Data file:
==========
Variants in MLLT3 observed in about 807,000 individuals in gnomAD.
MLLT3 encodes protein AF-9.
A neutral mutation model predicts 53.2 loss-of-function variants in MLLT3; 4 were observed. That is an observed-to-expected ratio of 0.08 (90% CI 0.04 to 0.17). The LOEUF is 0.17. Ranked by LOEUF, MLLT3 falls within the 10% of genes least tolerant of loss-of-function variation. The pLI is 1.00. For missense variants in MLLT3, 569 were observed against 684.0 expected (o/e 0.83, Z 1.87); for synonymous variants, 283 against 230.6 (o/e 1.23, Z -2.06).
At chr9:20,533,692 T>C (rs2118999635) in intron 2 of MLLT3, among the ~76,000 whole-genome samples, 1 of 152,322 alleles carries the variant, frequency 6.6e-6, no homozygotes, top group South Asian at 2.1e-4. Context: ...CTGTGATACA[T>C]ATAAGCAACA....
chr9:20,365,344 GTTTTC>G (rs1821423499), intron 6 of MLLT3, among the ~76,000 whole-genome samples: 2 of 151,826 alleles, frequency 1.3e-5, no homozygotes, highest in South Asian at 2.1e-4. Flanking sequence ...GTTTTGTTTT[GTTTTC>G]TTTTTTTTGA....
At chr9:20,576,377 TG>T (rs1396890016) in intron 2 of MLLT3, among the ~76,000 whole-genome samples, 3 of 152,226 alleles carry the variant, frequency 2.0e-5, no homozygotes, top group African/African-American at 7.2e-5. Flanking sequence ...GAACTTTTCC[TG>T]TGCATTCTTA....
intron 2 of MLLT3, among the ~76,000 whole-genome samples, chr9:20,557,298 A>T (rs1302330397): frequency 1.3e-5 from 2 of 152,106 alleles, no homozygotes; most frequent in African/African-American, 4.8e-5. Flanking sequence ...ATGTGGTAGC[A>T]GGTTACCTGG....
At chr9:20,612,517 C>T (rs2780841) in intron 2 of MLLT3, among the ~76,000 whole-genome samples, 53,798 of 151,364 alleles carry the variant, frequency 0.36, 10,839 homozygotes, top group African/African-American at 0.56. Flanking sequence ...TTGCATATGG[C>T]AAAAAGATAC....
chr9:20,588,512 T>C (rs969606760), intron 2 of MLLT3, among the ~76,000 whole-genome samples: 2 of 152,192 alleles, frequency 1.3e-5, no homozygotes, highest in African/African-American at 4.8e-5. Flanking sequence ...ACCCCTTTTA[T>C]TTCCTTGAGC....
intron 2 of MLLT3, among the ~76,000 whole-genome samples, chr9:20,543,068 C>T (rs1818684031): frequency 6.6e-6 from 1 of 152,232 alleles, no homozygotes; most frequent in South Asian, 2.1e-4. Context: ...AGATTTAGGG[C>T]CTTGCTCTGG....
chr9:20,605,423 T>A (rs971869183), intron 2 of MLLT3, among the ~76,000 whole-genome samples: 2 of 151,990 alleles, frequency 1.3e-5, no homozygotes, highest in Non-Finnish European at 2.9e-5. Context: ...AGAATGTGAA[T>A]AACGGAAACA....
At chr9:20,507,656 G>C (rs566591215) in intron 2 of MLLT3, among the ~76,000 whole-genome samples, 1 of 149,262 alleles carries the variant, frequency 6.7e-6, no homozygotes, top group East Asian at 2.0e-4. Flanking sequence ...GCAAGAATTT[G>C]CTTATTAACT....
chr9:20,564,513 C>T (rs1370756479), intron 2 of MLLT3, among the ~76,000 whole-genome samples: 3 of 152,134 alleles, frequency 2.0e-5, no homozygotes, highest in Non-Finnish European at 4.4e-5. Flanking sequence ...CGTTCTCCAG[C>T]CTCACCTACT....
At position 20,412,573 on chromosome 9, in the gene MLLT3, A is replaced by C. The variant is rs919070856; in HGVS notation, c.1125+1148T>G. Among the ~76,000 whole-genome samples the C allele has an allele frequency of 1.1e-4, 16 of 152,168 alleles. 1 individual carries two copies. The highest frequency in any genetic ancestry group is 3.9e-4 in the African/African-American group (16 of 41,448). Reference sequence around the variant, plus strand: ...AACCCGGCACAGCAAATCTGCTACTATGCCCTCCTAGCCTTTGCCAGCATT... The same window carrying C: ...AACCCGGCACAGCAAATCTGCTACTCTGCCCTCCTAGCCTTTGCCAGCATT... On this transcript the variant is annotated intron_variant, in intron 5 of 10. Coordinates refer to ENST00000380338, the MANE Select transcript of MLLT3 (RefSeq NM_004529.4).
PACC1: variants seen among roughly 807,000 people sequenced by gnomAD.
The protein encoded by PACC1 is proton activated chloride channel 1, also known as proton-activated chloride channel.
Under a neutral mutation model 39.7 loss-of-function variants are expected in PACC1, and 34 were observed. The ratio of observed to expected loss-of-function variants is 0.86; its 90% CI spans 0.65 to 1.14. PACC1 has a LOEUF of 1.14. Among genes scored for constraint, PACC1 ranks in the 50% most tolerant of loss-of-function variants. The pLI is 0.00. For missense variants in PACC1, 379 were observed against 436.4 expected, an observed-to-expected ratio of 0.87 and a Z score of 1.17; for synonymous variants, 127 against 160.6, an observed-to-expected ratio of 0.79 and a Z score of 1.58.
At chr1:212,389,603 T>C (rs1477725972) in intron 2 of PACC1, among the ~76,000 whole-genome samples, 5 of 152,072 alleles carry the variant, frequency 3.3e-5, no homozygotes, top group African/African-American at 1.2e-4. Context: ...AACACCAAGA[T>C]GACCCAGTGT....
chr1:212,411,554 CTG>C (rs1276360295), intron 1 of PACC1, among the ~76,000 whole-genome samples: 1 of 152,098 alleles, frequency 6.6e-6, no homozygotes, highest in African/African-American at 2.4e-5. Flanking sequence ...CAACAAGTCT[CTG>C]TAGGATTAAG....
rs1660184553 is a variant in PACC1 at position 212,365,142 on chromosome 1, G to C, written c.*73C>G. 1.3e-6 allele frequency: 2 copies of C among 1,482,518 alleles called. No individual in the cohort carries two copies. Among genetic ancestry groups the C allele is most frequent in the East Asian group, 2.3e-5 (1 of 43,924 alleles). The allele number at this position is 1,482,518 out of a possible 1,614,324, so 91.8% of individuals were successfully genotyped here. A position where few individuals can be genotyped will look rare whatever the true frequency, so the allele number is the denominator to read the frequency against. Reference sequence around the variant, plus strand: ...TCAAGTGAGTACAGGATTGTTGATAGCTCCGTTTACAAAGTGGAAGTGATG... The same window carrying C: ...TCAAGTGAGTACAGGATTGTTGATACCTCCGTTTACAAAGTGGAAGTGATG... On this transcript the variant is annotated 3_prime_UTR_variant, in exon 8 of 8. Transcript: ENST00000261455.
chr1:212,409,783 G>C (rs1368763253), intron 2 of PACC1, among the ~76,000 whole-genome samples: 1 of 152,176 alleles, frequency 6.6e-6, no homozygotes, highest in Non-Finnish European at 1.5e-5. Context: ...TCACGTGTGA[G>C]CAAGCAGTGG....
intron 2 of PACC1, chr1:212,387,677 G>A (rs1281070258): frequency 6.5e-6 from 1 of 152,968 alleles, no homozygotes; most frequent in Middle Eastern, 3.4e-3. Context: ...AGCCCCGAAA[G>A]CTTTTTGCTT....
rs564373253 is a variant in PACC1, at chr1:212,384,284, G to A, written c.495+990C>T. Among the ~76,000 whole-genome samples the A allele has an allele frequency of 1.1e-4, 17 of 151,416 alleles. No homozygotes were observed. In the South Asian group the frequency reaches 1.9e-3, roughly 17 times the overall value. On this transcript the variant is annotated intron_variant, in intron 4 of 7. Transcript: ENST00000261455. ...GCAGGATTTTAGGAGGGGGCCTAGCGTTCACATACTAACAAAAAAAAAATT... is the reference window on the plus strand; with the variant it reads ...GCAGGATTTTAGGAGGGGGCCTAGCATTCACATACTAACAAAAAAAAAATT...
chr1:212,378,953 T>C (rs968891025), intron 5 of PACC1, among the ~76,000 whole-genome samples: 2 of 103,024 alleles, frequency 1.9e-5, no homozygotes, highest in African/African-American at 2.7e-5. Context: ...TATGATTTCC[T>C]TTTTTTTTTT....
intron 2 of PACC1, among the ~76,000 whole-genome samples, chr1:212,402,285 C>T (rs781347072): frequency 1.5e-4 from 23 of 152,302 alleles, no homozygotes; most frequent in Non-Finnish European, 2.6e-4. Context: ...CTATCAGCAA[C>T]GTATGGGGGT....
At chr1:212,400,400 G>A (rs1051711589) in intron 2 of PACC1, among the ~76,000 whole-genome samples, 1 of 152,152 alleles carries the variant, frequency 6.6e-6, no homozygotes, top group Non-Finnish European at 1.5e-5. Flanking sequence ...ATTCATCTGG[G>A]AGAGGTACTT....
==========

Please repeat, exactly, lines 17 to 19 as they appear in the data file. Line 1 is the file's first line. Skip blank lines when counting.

Under a neutral mutation model 39.7 loss-of-function variants are expected in PACC1, and 34 were observed. The ratio of observed to expected loss-of-function variants is 0.86; its 90% CI spans 0.65 to 1.14. PACC1 has a LOEUF of 1.14. Among genes scored for constraint, PACC1 ranks in the 50% most tolerant of loss-of-function variants. The pLI is 0.00. For missense variants in PACC1, 379 were observed against 436.4 expected, an observed-to-expected ratio of 0.87 and a Z score of 1.17; for synonymous variants, 127 against 160.6, an observed-to-expected ratio of 0.79 and a Z score of 1.58.
At chr1:212,389,603 T>C (rs1477725972) in intron 2 of PACC1, among the ~76,000 whole-genome samples, 5 of 152,072 alleles carry the variant, frequency 3.3e-5, no homozygotes, top group African/African-American at 1.2e-4. Context: ...AACACCAAGA[T>C]GACCCAGTGT....
chr1:212,411,554 CTG>C (rs1276360295), intron 1 of PACC1, among the ~76,000 whole-genome samples: 1 of 152,098 alleles, frequency 6.6e-6, no homozygotes, highest in African/African-American at 2.4e-5. Flanking sequence ...CAACAAGTCT[CTG>C]TAGGATTAAG....